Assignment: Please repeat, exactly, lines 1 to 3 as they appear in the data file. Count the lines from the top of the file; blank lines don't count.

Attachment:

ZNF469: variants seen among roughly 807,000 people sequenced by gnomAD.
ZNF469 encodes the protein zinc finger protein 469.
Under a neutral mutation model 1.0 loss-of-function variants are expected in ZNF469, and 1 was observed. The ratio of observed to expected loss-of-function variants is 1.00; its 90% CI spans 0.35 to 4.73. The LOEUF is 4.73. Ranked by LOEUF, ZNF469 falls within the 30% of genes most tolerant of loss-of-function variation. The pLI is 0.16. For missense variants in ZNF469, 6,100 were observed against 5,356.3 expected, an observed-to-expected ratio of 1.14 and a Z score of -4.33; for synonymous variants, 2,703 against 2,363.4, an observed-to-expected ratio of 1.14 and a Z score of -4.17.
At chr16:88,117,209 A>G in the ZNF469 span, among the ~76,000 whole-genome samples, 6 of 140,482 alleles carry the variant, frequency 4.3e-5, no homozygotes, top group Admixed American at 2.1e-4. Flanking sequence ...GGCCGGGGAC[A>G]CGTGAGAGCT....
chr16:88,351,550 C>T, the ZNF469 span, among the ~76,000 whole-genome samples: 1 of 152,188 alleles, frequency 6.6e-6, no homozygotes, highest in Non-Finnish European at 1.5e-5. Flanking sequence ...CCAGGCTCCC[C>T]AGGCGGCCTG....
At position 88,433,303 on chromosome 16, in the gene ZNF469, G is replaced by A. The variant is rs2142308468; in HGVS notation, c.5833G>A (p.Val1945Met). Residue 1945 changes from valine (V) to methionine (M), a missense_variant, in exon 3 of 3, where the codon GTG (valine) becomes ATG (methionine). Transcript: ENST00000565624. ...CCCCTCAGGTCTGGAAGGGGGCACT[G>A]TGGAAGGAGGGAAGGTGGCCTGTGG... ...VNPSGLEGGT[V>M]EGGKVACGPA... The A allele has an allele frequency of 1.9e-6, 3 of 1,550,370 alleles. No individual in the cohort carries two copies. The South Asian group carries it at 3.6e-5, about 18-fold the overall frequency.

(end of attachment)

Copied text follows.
ZNF469: variants seen among roughly 807,000 people sequenced by gnomAD.
ZNF469 encodes the protein zinc finger protein 469.
Under a neutral mutation model 1.0 loss-of-function variants are expected in ZNF469, and 1 was observed. The ratio of observed to expected loss-of-function variants is 1.00; its 90% CI spans 0.35 to 4.73. The LOEUF is 4.73. Ranked by LOEUF, ZNF469 falls within the 30% of genes most tolerant of loss-of-function variation. The pLI is 0.16. For missense variants in ZNF469, 6,100 were observed against 5,356.3 expected, an observed-to-expected ratio of 1.14 and a Z score of -4.33; for synonymous variants, 2,703 against 2,363.4, an observed-to-expected ratio of 1.14 and a Z score of -4.17.